JWT Expiry
              authentication       status              evergreen
database         service           service              client
   |               |                  |                    |
   |               |                  |    Status request  |
   |               |                  |      (with JWT)    |
   |               |                  |<-------------------o
   |               |                  |      HTTP 401      |
   |               |                  o------------------->|
   |               |                  |             <re-initiate login>
   |               |                  |                    |
   |               |       PUT uuid signed by private key  |
   |    get uuid   |<--------------------------------------o
   |   and pubkey  |                  |                    |
   |<--------------o                  |                    |
   o-------------->|                  |                    |
   |       <verify signature>         |                    |
   |     <generate JWT enc token>     |                    |
   |               |            HTTP 200 Ok                |
   |               |         (respond with JWT)            |
   |               o-------------------------------------->|
   |               |                  |                    |
   |               |                  |    Status request  |
   |               |                  |      (with JWT)    |
   |               |                  |<-------------------o
   |               |                  |      HTTP 200      |
   |               |                  o------------------->|
   |               |                  |                    |

Making authenticated requests requires simply using the Authorization with subsequent HTTP requests, for example:

Headers for Authenticated Requests
Content-Type: application/json
Authorization: <jwt-token>

Claims

JSON Web Tokens (JWT) include the notion of "claims" which indicate to the backend services whether the client possessing the token is authorized to access that particular service.

Within the scope of this document, the Authentication Service must include the "default" claims expected for clients in the JWT.

In this specification there is not any specific claims included in the design, service/client claims should be considered subject to future designs and implementations.

Client Re-keying

This specification does not include a design for clients to re-key and transition from an older to a newer key. Such as in the case of a vulnerability disclosure, algorithm change, or for other reasons. This topic must be discussed in a future JEP but is not considered within the scope of this document.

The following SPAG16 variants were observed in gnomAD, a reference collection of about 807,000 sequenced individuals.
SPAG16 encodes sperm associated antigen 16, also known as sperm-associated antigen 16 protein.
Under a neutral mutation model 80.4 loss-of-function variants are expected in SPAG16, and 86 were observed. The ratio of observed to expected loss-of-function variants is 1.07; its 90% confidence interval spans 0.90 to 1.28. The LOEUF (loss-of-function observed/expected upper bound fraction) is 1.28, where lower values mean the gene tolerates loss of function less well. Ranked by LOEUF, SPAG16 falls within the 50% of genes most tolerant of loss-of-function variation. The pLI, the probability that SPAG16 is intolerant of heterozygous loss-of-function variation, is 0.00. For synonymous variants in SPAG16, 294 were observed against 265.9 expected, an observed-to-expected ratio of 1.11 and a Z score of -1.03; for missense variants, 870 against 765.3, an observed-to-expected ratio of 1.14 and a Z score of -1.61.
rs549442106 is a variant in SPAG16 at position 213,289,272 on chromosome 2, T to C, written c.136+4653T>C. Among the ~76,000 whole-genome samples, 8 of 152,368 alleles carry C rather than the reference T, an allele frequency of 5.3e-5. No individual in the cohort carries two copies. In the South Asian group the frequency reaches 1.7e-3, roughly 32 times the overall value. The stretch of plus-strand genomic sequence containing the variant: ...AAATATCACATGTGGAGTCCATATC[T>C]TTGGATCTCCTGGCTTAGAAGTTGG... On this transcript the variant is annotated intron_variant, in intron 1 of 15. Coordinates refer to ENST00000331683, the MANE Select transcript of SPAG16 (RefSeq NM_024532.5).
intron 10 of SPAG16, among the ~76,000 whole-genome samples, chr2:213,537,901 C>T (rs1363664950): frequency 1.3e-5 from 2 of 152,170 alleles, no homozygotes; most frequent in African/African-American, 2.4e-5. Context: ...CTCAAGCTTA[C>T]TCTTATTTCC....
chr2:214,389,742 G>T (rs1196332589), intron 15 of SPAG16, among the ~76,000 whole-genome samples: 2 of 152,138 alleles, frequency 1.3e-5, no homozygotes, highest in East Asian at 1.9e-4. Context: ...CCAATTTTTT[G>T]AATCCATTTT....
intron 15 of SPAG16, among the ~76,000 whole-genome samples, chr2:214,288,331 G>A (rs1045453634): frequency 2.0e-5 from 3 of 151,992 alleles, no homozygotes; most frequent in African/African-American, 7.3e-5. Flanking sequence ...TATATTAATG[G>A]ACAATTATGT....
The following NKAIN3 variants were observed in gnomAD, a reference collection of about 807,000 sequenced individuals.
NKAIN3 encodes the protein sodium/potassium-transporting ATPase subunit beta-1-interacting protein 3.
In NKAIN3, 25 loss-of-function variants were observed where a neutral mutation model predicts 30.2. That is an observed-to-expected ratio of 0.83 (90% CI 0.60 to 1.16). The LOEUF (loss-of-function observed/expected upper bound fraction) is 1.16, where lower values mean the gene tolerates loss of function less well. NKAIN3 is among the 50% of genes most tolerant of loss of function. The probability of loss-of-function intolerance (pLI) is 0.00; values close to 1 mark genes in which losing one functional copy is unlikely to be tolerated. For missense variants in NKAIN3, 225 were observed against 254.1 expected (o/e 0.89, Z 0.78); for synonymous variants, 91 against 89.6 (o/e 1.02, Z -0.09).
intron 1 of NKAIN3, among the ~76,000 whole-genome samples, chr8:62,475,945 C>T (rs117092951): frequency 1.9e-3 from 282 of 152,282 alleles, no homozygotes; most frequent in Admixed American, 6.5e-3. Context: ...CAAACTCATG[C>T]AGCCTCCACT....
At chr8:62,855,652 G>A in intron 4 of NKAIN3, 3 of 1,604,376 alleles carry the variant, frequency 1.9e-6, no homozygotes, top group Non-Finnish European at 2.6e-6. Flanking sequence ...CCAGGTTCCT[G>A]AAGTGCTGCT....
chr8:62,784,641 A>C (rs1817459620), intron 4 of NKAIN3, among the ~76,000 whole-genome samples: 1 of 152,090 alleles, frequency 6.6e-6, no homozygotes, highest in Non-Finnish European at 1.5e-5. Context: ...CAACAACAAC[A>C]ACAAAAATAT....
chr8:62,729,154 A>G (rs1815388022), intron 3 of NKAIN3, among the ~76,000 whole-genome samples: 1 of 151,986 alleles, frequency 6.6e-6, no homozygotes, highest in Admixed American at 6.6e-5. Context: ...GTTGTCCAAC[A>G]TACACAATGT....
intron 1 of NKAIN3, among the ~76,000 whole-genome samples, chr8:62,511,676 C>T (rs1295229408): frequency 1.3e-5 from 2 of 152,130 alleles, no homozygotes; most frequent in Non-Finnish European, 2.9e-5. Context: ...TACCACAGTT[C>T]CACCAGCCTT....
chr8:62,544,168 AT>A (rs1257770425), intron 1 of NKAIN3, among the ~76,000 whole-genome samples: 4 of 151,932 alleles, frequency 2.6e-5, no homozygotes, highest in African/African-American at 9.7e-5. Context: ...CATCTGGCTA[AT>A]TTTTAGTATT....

Token Revocation

This document doesn’t specify the requirements or need for individual JWT revocation, should that need arise, a future design will be required. For en masse token revocation, in such cases as a compromise or other events which necessitate all tokens be revoked, the backend services will need to have a coordinated deployment to rotate their Pre-Shared Key in order to invalidate all active JSON Web Tokens.

Motivation

The motivation for this design should be fairly self evident. The Evergreen distribution system requires a means of uniquely identifying clients and managing their interactions with the various backend services. Not only must these clients be uniquely identified, it’s important that clients cannot maliciously, or accidentally forge requests, on behalf of other clients.

Reasoning

Much of this design is influenced by large-scale Client/Service registration and authentication systems familiar to the author from previous projects. A key goal in this design is to provide a secure means of authentication, and avoid an Authentication Service becoming a single point of failure in the backend services necessary to power the Evergreen distribution system.

Some of the specific aspects of this design are discussed further below.

Non-interactive

  • No user/password login for an administrator

  • Ensures not-yet-setup instances are still included in the Evergreen distribution system

JSON Web Tokens

JSON Web Tokens have a number of useful features, but by far the most useful feature of JWTs is that they are stateless. This ensures that once the initial token negotiation (see: the login diagram) has completed, a JWT may be passed in any subsequent service request without requiring the involvement of the Authentication Service or the database which stores UUIDs and public keys.

Of secondary importance with JWT is the concept of Claims, which allow different clients to be given differing levels of access control to the backend services. This is expected to be more useful in later stages of development for the Evergreen distribution system when clients using an "alpha" or "beta" channel receive access to different backend services that more generally available clients will not yet have access to.

JWT Expiry

Tokens, keys, or authentications without expirations are generally considered an "anti-pattern", potentially leading to insecure applications for which users have an "infinite login." Avoiding this is the primary reasoning for JWTs in this design to expire after 14 days.